Commercial perlite deposits of New Mexico and North America
— George S. Austin and James M. Barker


Perlite is weathered volcanic glass containing from 2 to 5 wt.% water. When heated to 600°-800°C in 870°-1100°C furnaces, the glass softens and its water is rapidly given off as steam. The steam expands or "pops" the perlite into glass foam that is from 10 to 40 times the original volume and 15 lbs/ft3 or less in density. "Onionskin" or classical perlite is dense, gray to bluish black with concentric fractures and a pearly luster. Granular perlite is lighter weight, microvesicular, highly fractured, and white to gray. Pumiceous perlite is extremely lightweight, frothy, and white to light gray. All types are mined commercially, but granular perlite is dominant in high-volume mines. Perlite deposits are associated with rhyolitic volcanic terranes. Most are Tertiary in age because volcanic glass is relatively short lived over geologic time. The glassy, subhorizontal tops of microvesicular (i.e., permeable), high-silica lava flows are the most favorable sites for weathering into commercial perlite. Large, steep-sided, high-silica lava domes are more common than high-silica flows. However, large domes yield relatively little commercial perlite because of their complex cooling histories and the lack of access to the meteoric water that hydrates the glass during weathering. In 1997, commercial perlite was mined at a record pace of 775,000 short tons in Arizona, California, Nevada, and New Mexico, with more than 85% of the total from New Mexico. Construction uses accounted for 71% of expanded perlite domestic sales. Filter aids accounted for 11%, horticultural aggregate 9%, fillers 7%, and others 2%. Other North American perlite production is from, or has recently come from, Colorado, Idaho, and Texas; the Canadian province of British Columbia; and the Mexican states of Durango, Puebla, and Sonora. New operations are online, or will come online soon, in Oregon and Utah and an Idaho operation will re-open, all of which will increase supply, thus eliminating the shortages of recent years.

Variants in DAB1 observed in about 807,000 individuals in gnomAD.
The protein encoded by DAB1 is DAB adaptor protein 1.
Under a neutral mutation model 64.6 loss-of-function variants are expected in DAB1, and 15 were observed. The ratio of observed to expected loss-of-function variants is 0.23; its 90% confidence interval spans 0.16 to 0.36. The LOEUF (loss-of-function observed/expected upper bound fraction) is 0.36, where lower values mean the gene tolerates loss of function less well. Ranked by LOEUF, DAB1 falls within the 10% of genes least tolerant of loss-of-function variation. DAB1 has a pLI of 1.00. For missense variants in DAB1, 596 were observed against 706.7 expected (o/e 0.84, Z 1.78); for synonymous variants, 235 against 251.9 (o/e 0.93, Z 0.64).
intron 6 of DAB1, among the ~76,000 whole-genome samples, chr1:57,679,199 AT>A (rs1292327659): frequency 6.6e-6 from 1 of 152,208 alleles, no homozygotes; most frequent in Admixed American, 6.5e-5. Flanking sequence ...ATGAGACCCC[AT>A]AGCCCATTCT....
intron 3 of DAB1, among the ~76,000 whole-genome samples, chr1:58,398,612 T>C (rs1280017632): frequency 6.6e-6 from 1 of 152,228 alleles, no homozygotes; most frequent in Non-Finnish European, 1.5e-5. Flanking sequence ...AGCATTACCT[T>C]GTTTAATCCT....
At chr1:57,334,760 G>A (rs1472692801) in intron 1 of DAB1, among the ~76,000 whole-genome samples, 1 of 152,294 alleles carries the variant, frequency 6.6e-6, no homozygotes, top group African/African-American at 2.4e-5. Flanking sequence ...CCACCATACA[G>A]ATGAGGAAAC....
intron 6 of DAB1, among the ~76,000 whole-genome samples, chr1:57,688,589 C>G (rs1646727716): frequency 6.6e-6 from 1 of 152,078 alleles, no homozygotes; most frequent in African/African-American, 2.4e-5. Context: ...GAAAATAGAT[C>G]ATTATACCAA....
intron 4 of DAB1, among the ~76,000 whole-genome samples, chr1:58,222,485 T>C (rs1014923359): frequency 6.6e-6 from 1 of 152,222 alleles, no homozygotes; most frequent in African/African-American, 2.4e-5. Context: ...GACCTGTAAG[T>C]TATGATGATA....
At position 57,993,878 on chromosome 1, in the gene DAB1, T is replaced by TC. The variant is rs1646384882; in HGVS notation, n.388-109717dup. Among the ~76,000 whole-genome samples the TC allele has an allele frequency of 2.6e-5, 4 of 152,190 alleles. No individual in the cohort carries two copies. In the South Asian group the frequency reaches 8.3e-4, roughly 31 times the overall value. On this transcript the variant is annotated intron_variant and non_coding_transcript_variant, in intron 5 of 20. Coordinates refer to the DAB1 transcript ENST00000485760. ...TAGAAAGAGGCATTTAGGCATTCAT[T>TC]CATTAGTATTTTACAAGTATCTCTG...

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Recommended Citation:

  1. Austin, George S.; Barker, James M., 1998, Commercial perlite deposits of New Mexico and North America, in: Las Cruces Country II, Mack, G. H.; Austin, G. S.; Barker, J. M., New Mexico Geological Society, Guidebook, 49th Field Conference, pp. 271-277.

[see guidebook]